re IBN’s piece: I found the comments on the meshing of the spiritual/religious with the provable — and the quote from Geertz — very interesting. Part of that I’ve been suggesting through the last few Culture books is that our ideas about religion and spirituality form a sort of first draft, a posited, for now purely emblematic blueprint for the future: wishes, dreams, and fantasies that might serve as a compass offering a heading towards what we might genuinely achieve in actuality, through technology. In the end I wouldn’t call the Sublime truly spiritual at all; it’s just another mode of existence, obeying the laws of physics (though, admittedly, some of those laws are ones we on Earth haven’t discovered yet), albeit one not immediately tied into the most obvious trammels of what we know as the whole of reality and the Culture knows as the Real. Though I could be wrong, of course. Nevertheless, I’d suggest that absolutely no part of any religious experience or spiritual feeling takes place anywhere other than within the mind of the person undergoing/reporting that experience or feeling, and that religion tells us next to nothing about the universe and the way its principal systems work, but almost everything we might need to know about the way human beings work, certainly about what we ache for and live in terror of.

Also, I’m starting to think I made the actual, final act of Subliming too casual, too much of a joke. I just meant to make it easy, anti-climatic, slightly banal, once the Presences are in place, but obviously it’s coming across as a bit too dismissive, or something that I’ve dismissed. This isn’t quite what I intended. Ah well.

re PTJ’s piece: First I ought to mention that the reason that the use of Earth as a control sample (mentioned in footnote 4) is never brought up elsewhere in the stories because it’s just a tiny part of a control group of such civilisations (a group sizeable enough to be statistically valid … and I can report that the Culture takes a pretty rigorous line in such matters) in the single vast experiment that is the Culture’s interference-based foreign policy. The only way the Culture can be reasonably, evidentially sure it’s doing the right thing — especially over the civilisational long-term, which for us would mean over at least ten thousand years or so — is by running a control group of civs allowed to go their own merry/miserable way without the Culture doing anything at all other than quietly observing, and then comparing/contrasting the spread of outcomes over such meaningful amounts of time. (As the Culture has only been properly around for about nine/ten thousands years, the results are only now starting to trickle in.)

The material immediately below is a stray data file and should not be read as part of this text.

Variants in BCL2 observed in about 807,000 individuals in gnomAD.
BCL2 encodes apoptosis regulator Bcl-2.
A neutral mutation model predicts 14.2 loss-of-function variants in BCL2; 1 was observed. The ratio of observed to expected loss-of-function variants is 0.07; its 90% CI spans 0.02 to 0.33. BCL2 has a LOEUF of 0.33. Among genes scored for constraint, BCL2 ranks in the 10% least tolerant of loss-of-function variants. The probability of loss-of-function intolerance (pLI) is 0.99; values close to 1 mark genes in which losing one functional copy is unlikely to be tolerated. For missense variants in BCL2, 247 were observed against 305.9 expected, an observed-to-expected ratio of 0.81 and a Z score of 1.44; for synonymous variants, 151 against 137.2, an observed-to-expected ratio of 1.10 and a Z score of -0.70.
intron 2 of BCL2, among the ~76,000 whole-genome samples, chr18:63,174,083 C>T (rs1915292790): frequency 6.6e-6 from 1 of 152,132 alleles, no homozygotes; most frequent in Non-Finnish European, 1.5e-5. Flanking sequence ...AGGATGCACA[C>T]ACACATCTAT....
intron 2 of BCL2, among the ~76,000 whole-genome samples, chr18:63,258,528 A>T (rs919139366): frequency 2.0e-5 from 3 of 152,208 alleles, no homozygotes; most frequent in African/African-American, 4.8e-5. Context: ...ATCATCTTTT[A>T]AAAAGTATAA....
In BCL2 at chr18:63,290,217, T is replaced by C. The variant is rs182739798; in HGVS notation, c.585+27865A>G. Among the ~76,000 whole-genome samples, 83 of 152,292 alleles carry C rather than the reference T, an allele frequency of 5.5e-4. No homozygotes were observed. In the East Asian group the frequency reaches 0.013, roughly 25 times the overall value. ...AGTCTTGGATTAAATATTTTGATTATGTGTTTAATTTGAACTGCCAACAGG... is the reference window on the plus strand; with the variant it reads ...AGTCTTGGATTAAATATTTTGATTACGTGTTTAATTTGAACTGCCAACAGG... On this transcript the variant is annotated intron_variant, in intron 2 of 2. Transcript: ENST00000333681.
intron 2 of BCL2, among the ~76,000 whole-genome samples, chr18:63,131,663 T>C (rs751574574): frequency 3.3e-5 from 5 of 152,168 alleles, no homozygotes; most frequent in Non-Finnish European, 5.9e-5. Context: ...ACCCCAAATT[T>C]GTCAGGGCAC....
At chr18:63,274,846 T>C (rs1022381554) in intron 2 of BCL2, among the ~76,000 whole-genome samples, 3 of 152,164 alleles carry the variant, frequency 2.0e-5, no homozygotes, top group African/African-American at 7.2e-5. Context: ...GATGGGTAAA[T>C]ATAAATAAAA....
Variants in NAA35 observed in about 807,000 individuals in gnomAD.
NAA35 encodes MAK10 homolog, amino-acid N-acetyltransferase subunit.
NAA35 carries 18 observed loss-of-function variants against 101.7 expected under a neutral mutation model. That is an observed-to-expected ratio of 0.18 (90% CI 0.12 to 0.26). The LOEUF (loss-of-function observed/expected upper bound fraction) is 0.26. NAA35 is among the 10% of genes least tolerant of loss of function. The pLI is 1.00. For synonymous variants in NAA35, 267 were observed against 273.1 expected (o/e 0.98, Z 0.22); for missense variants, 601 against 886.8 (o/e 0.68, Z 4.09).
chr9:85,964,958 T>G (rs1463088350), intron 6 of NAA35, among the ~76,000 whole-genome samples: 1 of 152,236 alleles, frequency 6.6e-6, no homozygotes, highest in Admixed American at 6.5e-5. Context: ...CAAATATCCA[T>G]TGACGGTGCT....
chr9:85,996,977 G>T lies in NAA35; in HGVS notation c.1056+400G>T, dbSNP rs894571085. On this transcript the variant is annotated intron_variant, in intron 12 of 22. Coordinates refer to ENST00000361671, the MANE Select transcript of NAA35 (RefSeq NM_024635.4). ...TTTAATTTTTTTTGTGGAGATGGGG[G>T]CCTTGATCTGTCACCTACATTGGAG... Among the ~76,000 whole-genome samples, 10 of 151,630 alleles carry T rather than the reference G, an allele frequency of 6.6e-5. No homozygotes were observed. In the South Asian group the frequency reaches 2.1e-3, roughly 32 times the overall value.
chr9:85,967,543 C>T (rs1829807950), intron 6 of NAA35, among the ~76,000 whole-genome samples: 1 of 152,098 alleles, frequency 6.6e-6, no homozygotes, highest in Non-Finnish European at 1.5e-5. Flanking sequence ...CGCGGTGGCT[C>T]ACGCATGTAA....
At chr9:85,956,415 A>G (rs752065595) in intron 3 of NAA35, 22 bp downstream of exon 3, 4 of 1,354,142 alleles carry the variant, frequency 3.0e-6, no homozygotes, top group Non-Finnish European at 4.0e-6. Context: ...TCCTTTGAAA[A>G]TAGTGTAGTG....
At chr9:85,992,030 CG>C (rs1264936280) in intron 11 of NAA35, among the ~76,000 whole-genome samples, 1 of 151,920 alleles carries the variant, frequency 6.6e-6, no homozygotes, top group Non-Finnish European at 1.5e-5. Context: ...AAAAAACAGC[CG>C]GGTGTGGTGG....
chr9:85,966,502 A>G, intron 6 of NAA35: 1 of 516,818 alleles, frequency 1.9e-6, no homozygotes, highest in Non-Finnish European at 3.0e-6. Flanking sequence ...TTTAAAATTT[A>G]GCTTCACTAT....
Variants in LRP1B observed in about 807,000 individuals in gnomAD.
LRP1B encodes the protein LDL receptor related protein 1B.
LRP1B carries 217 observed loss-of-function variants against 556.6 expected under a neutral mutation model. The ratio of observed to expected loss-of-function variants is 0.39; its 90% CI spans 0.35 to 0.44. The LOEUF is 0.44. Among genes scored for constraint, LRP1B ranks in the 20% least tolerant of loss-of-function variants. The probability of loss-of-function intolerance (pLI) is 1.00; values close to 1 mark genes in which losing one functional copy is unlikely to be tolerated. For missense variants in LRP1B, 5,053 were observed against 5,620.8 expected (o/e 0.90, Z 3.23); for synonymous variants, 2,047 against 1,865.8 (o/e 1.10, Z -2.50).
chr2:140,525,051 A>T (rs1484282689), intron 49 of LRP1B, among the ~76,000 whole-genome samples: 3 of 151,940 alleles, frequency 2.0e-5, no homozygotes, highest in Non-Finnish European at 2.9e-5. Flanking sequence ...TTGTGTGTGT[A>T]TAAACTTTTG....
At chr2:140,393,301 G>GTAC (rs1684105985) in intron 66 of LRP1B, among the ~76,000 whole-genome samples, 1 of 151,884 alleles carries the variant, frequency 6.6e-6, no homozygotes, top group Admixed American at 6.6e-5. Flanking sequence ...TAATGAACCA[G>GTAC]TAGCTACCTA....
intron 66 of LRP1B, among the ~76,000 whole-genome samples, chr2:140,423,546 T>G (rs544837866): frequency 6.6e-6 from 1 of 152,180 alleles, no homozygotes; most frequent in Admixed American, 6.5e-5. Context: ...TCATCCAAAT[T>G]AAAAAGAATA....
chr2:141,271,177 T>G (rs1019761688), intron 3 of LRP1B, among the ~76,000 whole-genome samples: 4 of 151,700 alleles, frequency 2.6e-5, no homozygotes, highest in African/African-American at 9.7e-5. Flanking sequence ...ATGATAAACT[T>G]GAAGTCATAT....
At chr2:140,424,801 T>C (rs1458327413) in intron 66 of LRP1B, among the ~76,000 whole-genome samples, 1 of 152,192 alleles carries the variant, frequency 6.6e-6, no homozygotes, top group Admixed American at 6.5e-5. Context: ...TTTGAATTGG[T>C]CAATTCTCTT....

Other than that, the conclusion of the piece is pretty much exactly how I feel (and wanted to be seen or taken to be feeling, within the context of producing such a work, if I may put it like that) and the quote from QiRia is, I confess, one of those parts of the novel I hoped might be remembered. Lastly, the final footnote (6), is accurately regarding my purpose in writing the sentence it refers to.

…all of which sounds quite pompous, which is to do a disservice to the piece itself — apologies.

re DHN’s piece; this focusses (generally with more clarity than the novel, distressingly) on the — to me — entirely fascinating question of simulation/virtuality (more to the point on deceptive simulation/virtuality, where an aspect of the truth — and a fairly fundamental aspect, at that — is kept secret from the protagonists of the simulation/virtuality). Personally I cleave to the Argument of Increasing Decency, as articulated in the book, and would back this up with the idea put across in Transition (not a Culture novel, though arguably … very easily arguably … SF) that any philosophical argument or explanation that makes the same or less sense than solipsism may – at least tentatively – be discounted. There’s also that saying about a difference that makes no difference being no difference…

I could go on, but I have time constraints here, what with the festive season almost on us and a new non-skiffy book-plan to fettle, so I’d better close; sorry if any of this reads as a bit rushed. Thanks again.